Although Google’s driverless car continues to be road tested with some impressive results, and research firms like Boston Consulting Group estimate that the first commercial driverless cars could appear in 2017, with more widespread adoption coming a decade later, there are still significant issues that must be worked out before driverless cars can take to the road with an acceptable level of risk.

One key is assuring that driverless vehicles can operate in a variety of climates and road conditions.

There already are cases of driverless cars encountering difficulties as they tried to navigate in the rain—or worse yet, in snowy conditions.

“We’re a lot farther from general use self-driving cars than those in Silicon Valley would like you to believe,” said Samuel Abuelsamid, a senior analyst for Navigant Research, a marketing intelligence firm based in Boulder, Colo. Abuelsamid had been driving a driverless 2015 Kia Sedona, but as he was driving in heavily snow-covered southeast Michigan, he began to notice that the inclement weather was neutralizing some of the car’s advanced technology. “The radar sensor in the front and the rear camera are completely covered,” he said. “While the snow was falling, I had to turn off the parking assist because the falling snow was triggering the ultrasonic sensors, causing the system to beep continuously while there was nothing around the vehicle.”

The adaptive cruise control in Abuelsamid’s car relies on radar, and maintains the vehicle’s speed and a safe distance from any vehicle ahead. If the car begins to draw too close to another car, the brakes are activated. Radar also detects if vehicles or pedestrians are approaching from the side, and it navigates and warns while the driver is backing out of a parking space.

The problem is that LiDAR, a sensing technology that requires light, potentially becomes ineffective and even inoperative in a heavy snowstorm. Potentially, wireless communications between vehicles and between vehicles and infrastructure road and traffic light sensors can get around this—but what do you do if wireless and/or Internet service gets interrupted?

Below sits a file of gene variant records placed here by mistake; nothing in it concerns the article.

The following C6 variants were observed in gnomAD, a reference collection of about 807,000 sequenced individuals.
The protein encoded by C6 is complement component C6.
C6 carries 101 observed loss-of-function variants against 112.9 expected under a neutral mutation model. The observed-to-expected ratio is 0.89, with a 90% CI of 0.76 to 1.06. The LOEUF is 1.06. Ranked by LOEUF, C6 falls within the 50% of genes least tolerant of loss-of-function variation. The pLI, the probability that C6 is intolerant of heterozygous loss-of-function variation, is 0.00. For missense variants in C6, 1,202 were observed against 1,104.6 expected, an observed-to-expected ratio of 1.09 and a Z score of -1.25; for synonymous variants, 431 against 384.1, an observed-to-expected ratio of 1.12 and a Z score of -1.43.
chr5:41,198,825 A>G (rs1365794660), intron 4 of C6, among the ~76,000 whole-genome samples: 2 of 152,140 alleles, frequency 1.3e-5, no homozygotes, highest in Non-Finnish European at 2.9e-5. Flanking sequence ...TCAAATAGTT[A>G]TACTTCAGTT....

It would seem that some kid of failover mechanism that would enable the driver to manually assume the operation of the vehicle should be part of the plan—and that significant attention should be devoted to the handling of cyber disruption or cyber security breaches that could affect software- and cyber-driven cars on the road more than rain, snow or traffic infrastructure anomalies will.

Meanwhile, Google has plans this year to put 100 of its driverless cars on the road. The cars are electricity-operated two-seaters without steering wheels, an accelerator or brakes. They only have two controls for the driver: “stop” and “go.” The technology Google employs is an assemblage of sensors, cameras and a global positioning system (GPS), with a spinning laser on the top of the vehicle that creates a 3D model of nearby objects for hazard identification. Additional front and side cameras scan for road signs and traffic lights. To assure that all of the data gets processed, the maximum velocity of the car is only 25 miles per hour—a good choice, since the mantra for now for these driverless cars seemingly is to “take it slow” and to work out the bugs.